November 2, 2016 by Lyn Thorne-Alder
The snow was falling when they reached the Lannamer River, big wet flakes that were clogging the road and making the bridge hazardous. Taikie rode up front with Libkazaarie, talking about the structure of the bridge and things she’d learned about it from one of her books, while Enrie leaned against Gianci and longed for the south, where snow was practically a myth and you never needed mittens.
“The wait is driving me mad,” she muttered. “It’s bad enough that we don’t know where Lirnilalie or Reeve Debereb is, but all this waiting, bouncing along the bridge…”
“Please don’t say ‘bouncing’ and ‘bridge’ in the same sentence.” Gianci looked a little bit green. “This bridge has always driven me a little mad.”
“If any bridge was going to do it,” Kekla agreed, “it would be this one.”
The Lannamer bridge was the biggest, longest bridge in all of Calenta, and it was no surprise it was in Taikie’s books. Three attempts had been made to build something more modern, but all had met in disaster. As it was, it was a bit of a nightmare to cross in the wind; it swayed, and it jostled, and if you had a wagon going each direction, it got a little unstable-feeling, although nothing had ever happened to it. Enrie did her best not to grit her teeth and show how nervous it was making her.
“There’s something up ahead,” Taikie called. “It’s blocking the road– oh, that doesn’t look good.”
“Tairiekie,” Kekla said carefully, “I say this in all friendship, but do please shut up. I can’t close my eyes any tighter.”
“No, I mean… oh, where is that spear? This might be bad.”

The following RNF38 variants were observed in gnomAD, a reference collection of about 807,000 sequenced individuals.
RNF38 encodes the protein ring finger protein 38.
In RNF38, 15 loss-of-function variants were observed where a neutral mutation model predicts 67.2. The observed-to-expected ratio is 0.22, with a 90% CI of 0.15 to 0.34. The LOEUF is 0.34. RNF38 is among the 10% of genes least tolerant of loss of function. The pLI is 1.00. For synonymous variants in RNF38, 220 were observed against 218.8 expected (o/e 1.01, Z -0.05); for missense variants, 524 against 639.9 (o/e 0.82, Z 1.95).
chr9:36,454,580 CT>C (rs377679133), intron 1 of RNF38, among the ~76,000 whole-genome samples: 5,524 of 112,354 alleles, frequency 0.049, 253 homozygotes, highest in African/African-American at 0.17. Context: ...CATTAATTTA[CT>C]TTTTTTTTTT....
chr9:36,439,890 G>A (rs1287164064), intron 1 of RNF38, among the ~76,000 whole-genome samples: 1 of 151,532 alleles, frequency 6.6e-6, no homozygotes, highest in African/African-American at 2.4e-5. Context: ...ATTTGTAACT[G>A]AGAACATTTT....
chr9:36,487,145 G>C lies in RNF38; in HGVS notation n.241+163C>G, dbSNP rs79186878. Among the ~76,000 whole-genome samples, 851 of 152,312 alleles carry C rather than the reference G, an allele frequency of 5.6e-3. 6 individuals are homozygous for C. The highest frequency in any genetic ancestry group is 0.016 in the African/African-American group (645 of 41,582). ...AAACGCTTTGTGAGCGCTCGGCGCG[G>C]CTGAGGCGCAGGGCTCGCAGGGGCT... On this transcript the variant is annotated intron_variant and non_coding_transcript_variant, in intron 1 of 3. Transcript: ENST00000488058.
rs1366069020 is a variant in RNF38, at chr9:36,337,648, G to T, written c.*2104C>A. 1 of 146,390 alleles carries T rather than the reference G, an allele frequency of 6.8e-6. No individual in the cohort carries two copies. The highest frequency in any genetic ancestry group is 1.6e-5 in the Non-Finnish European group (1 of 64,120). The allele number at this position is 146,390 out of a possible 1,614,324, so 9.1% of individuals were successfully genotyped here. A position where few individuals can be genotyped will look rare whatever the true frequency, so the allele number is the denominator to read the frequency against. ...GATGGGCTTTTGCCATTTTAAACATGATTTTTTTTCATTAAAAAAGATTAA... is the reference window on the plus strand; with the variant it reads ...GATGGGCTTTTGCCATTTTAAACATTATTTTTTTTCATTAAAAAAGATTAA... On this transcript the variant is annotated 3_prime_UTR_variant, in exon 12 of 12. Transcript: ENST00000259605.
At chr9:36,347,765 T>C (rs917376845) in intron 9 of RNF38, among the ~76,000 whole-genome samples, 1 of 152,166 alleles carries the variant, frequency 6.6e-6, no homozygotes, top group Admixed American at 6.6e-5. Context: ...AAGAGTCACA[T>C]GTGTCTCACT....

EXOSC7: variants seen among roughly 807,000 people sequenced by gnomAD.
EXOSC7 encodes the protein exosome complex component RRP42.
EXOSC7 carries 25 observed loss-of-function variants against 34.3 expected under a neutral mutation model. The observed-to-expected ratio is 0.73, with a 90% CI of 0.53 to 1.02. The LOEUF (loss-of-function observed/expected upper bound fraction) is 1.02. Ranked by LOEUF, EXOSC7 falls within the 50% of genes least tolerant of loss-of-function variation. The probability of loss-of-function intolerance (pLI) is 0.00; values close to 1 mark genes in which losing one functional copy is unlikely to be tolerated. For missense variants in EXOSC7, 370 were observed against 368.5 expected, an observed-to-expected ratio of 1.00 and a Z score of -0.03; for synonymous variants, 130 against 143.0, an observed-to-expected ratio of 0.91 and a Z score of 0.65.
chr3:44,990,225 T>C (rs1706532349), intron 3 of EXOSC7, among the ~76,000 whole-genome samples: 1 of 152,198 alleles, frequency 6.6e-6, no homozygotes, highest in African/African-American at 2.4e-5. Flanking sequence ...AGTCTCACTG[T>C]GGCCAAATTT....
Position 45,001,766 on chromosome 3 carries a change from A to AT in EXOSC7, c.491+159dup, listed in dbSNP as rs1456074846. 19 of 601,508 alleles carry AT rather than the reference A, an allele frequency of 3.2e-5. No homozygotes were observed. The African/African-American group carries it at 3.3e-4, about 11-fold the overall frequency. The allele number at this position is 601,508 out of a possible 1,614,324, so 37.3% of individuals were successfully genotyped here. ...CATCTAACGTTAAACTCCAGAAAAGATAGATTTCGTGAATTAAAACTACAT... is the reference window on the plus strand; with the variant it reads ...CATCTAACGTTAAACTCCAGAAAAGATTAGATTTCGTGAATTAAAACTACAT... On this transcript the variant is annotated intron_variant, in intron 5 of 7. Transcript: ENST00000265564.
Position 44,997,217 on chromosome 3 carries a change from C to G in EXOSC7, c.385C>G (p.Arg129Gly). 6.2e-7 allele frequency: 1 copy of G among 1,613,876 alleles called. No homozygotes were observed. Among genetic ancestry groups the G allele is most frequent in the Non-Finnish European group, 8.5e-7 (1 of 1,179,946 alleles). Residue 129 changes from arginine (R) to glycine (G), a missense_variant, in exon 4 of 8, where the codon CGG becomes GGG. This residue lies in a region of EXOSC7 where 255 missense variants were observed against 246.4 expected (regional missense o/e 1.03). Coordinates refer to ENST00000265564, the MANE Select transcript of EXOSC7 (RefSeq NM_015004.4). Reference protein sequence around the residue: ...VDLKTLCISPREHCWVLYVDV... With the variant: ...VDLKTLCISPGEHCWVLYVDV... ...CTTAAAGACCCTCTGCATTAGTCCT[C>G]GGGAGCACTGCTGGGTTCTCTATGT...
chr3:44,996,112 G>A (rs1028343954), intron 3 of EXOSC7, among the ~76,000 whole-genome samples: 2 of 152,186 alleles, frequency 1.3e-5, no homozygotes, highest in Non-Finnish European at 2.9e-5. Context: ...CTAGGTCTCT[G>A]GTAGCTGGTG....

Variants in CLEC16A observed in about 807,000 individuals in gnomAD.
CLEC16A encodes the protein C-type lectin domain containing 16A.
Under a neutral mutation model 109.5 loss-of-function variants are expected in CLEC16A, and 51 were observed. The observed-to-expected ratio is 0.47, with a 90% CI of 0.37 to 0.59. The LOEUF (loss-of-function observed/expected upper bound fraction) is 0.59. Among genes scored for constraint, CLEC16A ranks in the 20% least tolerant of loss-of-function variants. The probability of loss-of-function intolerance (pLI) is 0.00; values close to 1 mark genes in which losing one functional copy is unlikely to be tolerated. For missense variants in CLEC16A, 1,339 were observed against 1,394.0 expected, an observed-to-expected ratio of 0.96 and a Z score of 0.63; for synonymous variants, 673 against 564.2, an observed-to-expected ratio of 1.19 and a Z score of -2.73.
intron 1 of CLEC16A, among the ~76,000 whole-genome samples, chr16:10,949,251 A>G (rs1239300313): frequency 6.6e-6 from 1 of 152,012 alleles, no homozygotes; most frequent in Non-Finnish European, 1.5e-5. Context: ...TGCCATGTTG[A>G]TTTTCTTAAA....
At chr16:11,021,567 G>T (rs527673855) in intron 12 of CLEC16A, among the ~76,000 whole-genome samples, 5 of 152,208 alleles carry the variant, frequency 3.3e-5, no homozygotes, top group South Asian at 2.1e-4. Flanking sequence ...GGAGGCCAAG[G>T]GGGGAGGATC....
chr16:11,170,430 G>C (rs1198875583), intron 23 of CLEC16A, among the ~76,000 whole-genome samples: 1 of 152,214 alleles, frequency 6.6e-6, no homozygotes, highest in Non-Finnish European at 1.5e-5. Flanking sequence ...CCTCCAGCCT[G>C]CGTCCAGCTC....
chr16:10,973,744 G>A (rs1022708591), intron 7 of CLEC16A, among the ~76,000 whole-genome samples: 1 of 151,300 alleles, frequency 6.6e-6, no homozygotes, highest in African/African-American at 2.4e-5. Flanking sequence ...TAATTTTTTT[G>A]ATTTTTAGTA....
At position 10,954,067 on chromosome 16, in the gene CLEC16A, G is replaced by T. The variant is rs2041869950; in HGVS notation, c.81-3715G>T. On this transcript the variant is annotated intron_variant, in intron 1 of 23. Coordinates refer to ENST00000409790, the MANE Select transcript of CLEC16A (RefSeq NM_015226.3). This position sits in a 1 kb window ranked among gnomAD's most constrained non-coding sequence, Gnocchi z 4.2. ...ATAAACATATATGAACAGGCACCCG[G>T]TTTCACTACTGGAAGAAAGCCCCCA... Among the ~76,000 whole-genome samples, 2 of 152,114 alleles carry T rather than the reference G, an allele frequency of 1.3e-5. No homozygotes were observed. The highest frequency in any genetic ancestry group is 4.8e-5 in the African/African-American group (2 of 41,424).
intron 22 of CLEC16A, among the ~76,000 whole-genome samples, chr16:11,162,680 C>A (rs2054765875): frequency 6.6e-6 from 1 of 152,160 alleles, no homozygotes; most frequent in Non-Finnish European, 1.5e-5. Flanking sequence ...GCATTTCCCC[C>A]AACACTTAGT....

“Bad?” Enrie moved slowly to the front of the wagon. Objectively, she knew the bridge had hardly any sway. Rationally, she knew the sway was allowed for in the design, to keep the bridge from crumbling in high winds. But every time the bridge made any noise at all it made her twitch. “What sort of bad, Taikie?”
“Well, you see this carriage coming down the switchback from Lannamer? It’s got some people on it that look like… Well, the colors are right for it to be Lirnilalie.” Taikie pulled a collapsible spyglass from her vest and expanded it. When she put the glass to her eye, she hissed. “They look like nasty people, and they’re coming for the bridge. There’s another wagon, there, at the end of the bridge, but…” She squinted. “Those people look like they belong to the police force. I don’t believe we’ve done anything to call for…” She trailed off and handed Enrie the spyglass.
Enrie got it aimed in the right direction, her hands shaking, and steadied it carefully. There, at the end of the bridge, was a large wagon with the biggest goats Enrie had ever seen, and three people in the uniforms of the Lannamer constabulary. They looked unhappy. They were looking both towards the carriage of thugs and the wagon Enrie was in, and they seemed to be glowering equally in both directions.
“They must have sent a runner ahead.” Enrie collapsed the spyglass and handed it back to Taikie. “Maybe more than one. But if Ilonilarrona is in custody, who is sending everyone?”
“They can’t work for Lirnilalie; they’re too smart.” Taikie wrinkled her nose. “How did someone as stupid as Ilonilarrona end up in an Associate Governorship, anyway?”
“It’s really not the time for a comparative politics discussion. We’ll talk about it when we’re safe and, um, on land.”
Taikie turned to look at her, actually studying her face. “You don’t like the bridge?”
“None of us do. Kekla’s going to be sick.”
“I am not!”
“Oh! I like it.” She stood up in her seat and popped out her spyglass again. “I think we’re going to beat them. But it’s going to be close. House Monitor…”
“No. I cannot go faster.” The House Monitor clipped off the words. “And you can sit down, miss. Lady Enerenarie, you might start to think about Diplomatic ways to says ‘please get out of our way and stop those people from stopping us.'”
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